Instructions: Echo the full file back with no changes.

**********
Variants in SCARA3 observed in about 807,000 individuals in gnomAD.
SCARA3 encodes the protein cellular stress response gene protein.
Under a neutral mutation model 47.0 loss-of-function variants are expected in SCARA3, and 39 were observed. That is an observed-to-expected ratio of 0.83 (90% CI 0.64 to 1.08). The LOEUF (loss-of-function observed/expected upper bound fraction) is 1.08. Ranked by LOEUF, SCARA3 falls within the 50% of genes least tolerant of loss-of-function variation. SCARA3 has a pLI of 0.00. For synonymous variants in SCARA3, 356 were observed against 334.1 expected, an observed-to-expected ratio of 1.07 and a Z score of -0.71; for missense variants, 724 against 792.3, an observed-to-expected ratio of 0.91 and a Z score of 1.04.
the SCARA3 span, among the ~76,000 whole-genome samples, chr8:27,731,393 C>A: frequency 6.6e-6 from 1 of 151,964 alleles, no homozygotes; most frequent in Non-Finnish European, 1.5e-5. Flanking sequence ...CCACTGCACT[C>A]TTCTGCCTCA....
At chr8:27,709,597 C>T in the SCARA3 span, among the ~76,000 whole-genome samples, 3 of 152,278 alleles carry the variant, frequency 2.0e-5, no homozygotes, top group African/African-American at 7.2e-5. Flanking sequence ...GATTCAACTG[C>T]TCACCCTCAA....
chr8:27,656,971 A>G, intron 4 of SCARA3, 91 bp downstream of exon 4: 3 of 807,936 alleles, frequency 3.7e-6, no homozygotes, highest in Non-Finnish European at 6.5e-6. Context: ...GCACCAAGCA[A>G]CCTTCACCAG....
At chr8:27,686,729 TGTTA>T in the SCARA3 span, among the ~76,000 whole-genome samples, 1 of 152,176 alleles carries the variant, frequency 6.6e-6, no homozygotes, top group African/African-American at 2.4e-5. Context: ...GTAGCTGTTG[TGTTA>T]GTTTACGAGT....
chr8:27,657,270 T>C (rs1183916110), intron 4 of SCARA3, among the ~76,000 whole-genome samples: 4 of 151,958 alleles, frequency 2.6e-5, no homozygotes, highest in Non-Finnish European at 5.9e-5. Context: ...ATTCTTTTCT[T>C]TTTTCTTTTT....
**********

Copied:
Variants in SCARA3 observed in about 807,000 individuals in gnomAD.
SCARA3 encodes the protein cellular stress response gene protein.
Under a neutral mutation model 47.0 loss-of-function variants are expected in SCARA3, and 39 were observed. That is an observed-to-expected ratio of 0.83 (90% CI 0.64 to 1.08). The LOEUF (loss-of-function observed/expected upper bound fraction) is 1.08. Ranked by LOEUF, SCARA3 falls within the 50% of genes least tolerant of loss-of-function variation. SCARA3 has a pLI of 0.00. For synonymous variants in SCARA3, 356 were observed against 334.1 expected, an observed-to-expected ratio of 1.07 and a Z score of -0.71; for missense variants, 724 against 792.3, an observed-to-expected ratio of 0.91 and a Z score of 1.04.
the SCARA3 span, among the ~76,000 whole-genome samples, chr8:27,731,393 C>A: frequency 6.6e-6 from 1 of 151,964 alleles, no homozygotes; most frequent in Non-Finnish European, 1.5e-5. Flanking sequence ...CCACTGCACT[C>A]TTCTGCCTCA....
At chr8:27,709,597 C>T in the SCARA3 span, among the ~76,000 whole-genome samples, 3 of 152,278 alleles carry the variant, frequency 2.0e-5, no homozygotes, top group African/African-American at 7.2e-5. Flanking sequence ...GATTCAACTG[C>T]TCACCCTCAA....
chr8:27,656,971 A>G, intron 4 of SCARA3, 91 bp downstream of exon 4: 3 of 807,936 alleles, frequency 3.7e-6, no homozygotes, highest in Non-Finnish European at 6.5e-6. Context: ...GCACCAAGCA[A>G]CCTTCACCAG....
At chr8:27,686,729 TGTTA>T in the SCARA3 span, among the ~76,000 whole-genome samples, 1 of 152,176 alleles carries the variant, frequency 6.6e-6, no homozygotes, top group African/African-American at 2.4e-5. Context: ...GTAGCTGTTG[TGTTA>T]GTTTACGAGT....
chr8:27,657,270 T>C (rs1183916110), intron 4 of SCARA3, among the ~76,000 whole-genome samples: 4 of 151,958 alleles, frequency 2.6e-5, no homozygotes, highest in Non-Finnish European at 5.9e-5. Context: ...ATTCTTTTCT[T>C]TTTTCTTTTT....